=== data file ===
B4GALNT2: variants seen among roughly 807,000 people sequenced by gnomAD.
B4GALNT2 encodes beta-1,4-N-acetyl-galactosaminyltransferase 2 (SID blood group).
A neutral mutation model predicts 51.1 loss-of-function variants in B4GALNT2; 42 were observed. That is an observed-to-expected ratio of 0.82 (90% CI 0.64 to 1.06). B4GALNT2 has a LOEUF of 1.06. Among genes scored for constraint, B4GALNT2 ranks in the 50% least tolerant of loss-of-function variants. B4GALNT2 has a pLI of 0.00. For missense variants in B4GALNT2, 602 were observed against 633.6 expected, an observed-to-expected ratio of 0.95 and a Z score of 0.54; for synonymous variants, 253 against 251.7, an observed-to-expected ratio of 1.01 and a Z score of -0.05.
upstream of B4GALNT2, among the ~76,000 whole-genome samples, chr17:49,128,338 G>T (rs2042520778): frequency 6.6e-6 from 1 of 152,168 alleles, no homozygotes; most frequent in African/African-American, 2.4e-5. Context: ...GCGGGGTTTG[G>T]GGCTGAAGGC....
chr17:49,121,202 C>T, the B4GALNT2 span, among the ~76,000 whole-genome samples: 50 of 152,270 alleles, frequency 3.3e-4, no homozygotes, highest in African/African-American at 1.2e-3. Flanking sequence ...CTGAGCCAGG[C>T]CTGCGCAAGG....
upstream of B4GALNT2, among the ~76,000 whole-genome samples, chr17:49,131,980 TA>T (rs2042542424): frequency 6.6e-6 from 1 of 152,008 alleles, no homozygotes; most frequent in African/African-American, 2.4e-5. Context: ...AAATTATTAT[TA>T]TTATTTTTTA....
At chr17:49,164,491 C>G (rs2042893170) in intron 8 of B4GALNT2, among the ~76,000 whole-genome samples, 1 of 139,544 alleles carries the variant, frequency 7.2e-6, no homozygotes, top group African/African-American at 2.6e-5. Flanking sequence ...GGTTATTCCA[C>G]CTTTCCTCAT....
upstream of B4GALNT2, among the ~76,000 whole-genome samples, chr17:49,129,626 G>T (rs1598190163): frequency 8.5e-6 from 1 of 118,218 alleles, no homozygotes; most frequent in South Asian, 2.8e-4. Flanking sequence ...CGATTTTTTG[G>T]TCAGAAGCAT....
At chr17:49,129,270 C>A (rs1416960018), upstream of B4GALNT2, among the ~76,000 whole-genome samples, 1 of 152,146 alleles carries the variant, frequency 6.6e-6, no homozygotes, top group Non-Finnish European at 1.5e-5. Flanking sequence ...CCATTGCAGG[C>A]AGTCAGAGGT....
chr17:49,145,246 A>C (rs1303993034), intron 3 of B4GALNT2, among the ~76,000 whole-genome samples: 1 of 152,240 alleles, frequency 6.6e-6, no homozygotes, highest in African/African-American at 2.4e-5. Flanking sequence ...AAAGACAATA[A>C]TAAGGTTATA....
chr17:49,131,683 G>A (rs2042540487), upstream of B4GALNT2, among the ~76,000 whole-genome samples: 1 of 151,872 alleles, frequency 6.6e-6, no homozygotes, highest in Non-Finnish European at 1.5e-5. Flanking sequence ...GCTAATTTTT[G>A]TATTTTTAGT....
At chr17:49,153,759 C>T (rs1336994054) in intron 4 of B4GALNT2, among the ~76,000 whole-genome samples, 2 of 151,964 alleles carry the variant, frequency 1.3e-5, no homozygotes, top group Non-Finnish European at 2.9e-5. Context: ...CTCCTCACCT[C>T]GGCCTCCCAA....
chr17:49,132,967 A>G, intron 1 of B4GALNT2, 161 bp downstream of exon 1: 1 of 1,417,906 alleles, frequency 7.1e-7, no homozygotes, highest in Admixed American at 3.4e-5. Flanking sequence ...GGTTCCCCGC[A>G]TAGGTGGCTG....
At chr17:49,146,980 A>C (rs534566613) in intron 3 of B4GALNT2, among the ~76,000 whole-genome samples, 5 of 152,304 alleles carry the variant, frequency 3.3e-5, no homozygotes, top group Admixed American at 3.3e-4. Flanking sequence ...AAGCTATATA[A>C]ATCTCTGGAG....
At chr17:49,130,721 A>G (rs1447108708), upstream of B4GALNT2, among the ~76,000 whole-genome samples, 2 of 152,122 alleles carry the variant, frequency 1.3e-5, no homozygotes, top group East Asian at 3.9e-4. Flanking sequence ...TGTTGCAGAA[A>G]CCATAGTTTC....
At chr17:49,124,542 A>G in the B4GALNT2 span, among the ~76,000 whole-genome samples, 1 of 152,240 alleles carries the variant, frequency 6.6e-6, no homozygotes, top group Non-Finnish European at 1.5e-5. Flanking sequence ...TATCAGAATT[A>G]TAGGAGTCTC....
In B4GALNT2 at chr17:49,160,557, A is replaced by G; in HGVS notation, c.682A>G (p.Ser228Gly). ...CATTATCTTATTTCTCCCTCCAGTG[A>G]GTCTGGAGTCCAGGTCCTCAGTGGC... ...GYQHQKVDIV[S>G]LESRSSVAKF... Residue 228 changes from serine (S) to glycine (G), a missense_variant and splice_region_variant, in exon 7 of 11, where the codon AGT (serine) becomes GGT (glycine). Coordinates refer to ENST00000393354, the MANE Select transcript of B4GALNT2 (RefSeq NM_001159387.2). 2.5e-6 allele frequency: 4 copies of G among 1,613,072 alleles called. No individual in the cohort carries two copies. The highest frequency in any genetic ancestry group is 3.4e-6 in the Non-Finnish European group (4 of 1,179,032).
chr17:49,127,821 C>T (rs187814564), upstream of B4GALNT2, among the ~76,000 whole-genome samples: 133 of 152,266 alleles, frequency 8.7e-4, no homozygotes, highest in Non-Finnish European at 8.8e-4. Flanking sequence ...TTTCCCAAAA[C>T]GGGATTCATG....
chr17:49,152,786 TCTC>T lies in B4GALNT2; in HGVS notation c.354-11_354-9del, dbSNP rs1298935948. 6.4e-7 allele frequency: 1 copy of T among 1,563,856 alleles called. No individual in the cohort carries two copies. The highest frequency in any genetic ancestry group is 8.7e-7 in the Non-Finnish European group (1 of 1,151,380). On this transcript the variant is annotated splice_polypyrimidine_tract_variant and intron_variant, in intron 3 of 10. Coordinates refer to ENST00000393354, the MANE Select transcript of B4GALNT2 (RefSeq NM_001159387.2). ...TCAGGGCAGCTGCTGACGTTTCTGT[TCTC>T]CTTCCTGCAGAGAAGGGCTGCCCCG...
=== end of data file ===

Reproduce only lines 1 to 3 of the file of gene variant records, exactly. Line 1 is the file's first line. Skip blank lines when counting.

B4GALNT2: variants seen among roughly 807,000 people sequenced by gnomAD.
B4GALNT2 encodes beta-1,4-N-acetyl-galactosaminyltransferase 2 (SID blood group).
A neutral mutation model predicts 51.1 loss-of-function variants in B4GALNT2; 42 were observed. That is an observed-to-expected ratio of 0.82 (90% CI 0.64 to 1.06). B4GALNT2 has a LOEUF of 1.06. Among genes scored for constraint, B4GALNT2 ranks in the 50% least tolerant of loss-of-function variants. B4GALNT2 has a pLI of 0.00. For missense variants in B4GALNT2, 602 were observed against 633.6 expected, an observed-to-expected ratio of 0.95 and a Z score of 0.54; for synonymous variants, 253 against 251.7, an observed-to-expected ratio of 1.01 and a Z score of -0.05.